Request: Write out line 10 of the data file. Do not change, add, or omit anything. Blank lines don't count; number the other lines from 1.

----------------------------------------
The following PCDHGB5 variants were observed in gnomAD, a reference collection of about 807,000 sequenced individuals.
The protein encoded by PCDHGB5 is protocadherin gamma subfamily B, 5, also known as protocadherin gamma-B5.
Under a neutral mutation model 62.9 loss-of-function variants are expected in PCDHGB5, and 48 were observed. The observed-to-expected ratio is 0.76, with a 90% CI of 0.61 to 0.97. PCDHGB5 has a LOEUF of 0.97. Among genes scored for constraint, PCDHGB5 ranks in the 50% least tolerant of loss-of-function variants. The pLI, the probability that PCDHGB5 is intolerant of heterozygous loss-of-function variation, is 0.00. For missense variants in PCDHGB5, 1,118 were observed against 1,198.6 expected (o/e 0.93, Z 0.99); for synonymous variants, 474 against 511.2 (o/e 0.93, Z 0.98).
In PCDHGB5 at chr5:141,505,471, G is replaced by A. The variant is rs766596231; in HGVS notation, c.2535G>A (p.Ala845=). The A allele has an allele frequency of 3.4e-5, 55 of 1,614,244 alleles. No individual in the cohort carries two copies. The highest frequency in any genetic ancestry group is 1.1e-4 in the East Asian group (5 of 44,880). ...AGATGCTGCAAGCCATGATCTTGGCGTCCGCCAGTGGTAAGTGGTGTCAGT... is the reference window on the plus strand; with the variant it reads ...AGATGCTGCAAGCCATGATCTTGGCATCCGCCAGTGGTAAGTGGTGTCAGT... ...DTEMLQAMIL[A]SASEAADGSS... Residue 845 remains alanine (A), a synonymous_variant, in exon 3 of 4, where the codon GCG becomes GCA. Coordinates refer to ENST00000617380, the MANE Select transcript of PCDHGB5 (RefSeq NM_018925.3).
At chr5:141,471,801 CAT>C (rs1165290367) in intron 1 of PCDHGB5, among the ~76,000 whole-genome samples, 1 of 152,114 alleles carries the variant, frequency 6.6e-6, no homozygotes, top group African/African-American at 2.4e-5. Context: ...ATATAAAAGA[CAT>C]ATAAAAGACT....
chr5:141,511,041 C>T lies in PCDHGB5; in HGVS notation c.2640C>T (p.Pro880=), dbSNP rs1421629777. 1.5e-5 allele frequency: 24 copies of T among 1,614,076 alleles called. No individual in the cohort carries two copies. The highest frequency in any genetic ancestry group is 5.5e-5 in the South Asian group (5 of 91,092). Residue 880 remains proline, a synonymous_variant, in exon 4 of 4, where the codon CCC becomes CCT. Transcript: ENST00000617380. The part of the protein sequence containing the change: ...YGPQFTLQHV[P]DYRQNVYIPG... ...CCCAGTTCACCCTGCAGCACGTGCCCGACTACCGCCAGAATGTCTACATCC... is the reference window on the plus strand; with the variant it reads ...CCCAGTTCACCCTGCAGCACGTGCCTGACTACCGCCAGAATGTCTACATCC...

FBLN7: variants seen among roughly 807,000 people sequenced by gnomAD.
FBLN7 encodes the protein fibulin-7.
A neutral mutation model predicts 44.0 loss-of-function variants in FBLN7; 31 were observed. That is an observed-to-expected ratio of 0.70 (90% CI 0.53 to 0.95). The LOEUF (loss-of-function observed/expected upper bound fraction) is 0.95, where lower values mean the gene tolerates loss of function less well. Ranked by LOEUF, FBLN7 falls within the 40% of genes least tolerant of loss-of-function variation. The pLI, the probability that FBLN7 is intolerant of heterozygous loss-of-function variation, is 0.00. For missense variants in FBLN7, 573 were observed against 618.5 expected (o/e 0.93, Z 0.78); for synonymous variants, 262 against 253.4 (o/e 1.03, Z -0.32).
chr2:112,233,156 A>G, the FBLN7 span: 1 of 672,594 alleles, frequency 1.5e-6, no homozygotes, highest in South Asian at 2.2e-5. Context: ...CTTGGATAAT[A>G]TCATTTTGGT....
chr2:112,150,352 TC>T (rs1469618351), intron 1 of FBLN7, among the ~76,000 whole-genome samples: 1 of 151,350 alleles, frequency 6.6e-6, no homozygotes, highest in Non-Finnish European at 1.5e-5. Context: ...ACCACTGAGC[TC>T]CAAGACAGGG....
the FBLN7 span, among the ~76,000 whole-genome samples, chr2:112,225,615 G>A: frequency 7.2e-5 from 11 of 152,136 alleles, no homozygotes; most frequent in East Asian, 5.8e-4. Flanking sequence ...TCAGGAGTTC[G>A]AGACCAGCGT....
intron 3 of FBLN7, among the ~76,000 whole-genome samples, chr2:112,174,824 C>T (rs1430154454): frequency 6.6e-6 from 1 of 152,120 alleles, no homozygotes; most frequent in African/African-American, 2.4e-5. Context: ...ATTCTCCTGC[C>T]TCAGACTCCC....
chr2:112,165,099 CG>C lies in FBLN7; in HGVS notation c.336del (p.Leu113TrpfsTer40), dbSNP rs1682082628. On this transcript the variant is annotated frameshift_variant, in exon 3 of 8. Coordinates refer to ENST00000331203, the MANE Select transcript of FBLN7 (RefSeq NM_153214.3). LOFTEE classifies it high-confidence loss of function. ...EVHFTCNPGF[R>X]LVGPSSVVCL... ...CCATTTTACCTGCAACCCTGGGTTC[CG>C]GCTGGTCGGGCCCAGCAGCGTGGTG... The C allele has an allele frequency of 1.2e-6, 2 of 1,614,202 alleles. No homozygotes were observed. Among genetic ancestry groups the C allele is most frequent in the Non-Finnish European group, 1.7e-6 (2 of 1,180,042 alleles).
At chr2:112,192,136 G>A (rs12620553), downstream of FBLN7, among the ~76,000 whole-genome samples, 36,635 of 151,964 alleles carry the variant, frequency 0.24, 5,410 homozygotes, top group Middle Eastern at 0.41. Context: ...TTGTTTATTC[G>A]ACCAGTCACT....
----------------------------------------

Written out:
chr2:112,233,156 A>G, the FBLN7 span: 1 of 672,594 alleles, frequency 1.5e-6, no homozygotes, highest in South Asian at 2.2e-5. Context: ...CTTGGATAAT[A>G]TCATTTTGGT....